Last edited 12 Sep 2018

Context

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In its widest sense, the term 'context' refers to the circumstances or interrelated conditions that are relevant to something that exists or occurs.

In terms of the built environment, 'context' can refer to the conditions which surround a particular site or project, and to which it should relate and connect to in some way. The buildings and structures that make up the built environment do not exist in isolation but are conceived and designed in order to respond to, support and enhance their surroundings.

With the notion of context come connotations of the existing fabric, the locality, tradition and the vernacular. By embedding the intentions of a design within the essence of its surroundings, a connection linking new and old can be made, creating or maintaining a metaphysical 'place'.

The context of a building or site might include:

  • The topography of the area.
  • The site’s history and previous uses.
  • Local culture.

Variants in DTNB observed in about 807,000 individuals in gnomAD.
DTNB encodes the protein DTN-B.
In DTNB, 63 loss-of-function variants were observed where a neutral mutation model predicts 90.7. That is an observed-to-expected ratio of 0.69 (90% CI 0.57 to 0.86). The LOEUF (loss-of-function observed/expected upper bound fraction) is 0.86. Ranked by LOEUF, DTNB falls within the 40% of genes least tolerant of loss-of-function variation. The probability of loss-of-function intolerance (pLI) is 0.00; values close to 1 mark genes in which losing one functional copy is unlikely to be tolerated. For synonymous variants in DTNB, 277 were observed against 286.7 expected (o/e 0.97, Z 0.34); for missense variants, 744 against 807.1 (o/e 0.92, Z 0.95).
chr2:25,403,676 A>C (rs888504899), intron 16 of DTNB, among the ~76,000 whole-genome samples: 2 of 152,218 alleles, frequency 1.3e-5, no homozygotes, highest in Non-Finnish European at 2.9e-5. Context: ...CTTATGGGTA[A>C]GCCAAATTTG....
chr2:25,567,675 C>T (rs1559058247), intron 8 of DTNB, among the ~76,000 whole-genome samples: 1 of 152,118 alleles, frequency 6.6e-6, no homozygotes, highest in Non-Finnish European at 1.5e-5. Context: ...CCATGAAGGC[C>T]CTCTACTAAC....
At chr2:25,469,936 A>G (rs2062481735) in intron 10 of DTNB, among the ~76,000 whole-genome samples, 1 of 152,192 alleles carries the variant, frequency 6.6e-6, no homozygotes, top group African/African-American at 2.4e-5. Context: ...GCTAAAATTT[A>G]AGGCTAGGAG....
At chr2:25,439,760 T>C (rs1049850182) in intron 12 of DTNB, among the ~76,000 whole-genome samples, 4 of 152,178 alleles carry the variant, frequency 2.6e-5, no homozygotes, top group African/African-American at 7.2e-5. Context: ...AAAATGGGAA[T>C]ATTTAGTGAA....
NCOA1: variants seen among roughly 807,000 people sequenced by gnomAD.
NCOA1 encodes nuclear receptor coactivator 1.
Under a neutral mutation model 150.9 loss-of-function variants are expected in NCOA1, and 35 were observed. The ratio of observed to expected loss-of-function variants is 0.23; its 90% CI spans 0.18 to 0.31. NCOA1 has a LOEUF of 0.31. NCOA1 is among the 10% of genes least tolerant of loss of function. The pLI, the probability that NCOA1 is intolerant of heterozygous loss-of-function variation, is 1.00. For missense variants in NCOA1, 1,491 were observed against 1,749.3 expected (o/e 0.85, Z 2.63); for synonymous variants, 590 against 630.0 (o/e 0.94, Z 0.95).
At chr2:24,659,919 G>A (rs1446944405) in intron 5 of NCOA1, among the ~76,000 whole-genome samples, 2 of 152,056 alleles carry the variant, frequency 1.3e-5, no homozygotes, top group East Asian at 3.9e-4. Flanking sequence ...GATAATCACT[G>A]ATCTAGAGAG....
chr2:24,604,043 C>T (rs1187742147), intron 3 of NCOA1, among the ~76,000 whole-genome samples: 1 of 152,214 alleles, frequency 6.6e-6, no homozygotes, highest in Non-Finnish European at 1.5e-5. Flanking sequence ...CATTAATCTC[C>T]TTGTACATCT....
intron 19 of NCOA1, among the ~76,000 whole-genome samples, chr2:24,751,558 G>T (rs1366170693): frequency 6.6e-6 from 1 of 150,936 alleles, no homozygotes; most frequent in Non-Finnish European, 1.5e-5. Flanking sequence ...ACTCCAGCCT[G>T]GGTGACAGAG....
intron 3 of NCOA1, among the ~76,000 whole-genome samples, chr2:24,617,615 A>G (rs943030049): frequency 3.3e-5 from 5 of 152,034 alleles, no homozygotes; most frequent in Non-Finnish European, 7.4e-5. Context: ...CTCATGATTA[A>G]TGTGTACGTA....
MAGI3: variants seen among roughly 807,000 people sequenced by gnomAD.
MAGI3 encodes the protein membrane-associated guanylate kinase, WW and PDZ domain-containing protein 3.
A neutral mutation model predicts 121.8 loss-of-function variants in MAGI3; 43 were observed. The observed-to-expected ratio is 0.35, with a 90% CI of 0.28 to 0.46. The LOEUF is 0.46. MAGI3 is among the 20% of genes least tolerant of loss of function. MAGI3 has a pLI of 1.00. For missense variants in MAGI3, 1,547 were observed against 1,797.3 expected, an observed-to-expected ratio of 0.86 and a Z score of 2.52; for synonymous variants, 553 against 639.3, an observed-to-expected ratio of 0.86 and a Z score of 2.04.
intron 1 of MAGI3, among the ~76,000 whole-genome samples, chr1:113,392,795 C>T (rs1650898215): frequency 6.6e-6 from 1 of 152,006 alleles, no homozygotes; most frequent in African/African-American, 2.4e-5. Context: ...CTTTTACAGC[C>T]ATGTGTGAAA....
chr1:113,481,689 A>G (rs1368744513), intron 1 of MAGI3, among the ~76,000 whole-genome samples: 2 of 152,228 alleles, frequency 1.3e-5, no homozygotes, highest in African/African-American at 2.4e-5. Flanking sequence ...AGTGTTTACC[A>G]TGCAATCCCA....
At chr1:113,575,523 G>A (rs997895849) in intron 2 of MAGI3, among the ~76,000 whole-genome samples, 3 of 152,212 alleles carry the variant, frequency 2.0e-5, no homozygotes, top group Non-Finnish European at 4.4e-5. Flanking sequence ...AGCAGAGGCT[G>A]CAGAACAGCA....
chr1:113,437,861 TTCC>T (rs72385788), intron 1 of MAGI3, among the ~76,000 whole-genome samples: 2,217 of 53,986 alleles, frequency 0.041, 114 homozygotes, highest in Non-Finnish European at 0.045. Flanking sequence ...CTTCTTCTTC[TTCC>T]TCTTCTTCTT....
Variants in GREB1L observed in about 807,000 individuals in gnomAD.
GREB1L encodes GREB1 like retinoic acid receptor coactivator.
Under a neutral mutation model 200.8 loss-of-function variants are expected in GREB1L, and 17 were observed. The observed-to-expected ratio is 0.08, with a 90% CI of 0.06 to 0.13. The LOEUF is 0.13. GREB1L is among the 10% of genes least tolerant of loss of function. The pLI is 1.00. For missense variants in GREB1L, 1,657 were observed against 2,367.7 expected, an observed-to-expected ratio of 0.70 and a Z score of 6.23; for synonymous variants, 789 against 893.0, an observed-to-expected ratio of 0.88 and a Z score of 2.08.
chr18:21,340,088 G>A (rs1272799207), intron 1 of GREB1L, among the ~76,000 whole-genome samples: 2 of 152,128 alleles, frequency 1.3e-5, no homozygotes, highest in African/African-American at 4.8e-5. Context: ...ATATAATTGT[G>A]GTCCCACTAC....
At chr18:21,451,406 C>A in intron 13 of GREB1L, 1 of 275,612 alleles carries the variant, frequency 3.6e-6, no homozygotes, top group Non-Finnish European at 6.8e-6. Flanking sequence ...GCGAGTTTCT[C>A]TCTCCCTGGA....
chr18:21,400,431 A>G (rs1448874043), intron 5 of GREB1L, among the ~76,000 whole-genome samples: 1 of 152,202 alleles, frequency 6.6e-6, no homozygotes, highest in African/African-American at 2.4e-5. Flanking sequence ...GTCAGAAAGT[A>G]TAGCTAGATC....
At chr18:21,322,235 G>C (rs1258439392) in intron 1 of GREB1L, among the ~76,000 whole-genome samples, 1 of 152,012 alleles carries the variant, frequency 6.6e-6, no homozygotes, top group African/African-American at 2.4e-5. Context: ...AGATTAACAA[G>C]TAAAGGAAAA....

• Architectural style.
  • Local materials and construction techniques.
  • Weather and microclimate.
  • Political conditions.
  • National and local policy.
  • The state of the economy.

These factors can be analysed, adapted and adopted to make a proposed development 'fit' into its context. This can give meaning to different aspects of a project through reference to its wider surroundings.

Context is one the aspects of design that might be considered when a planning application is made. Planners may reject a planning application if they do not feel a proposed development fits within the local context.

Contextualism, or contextual architecture, is a principle of design in which a structure is designed in response to its specific urban and natural environment.

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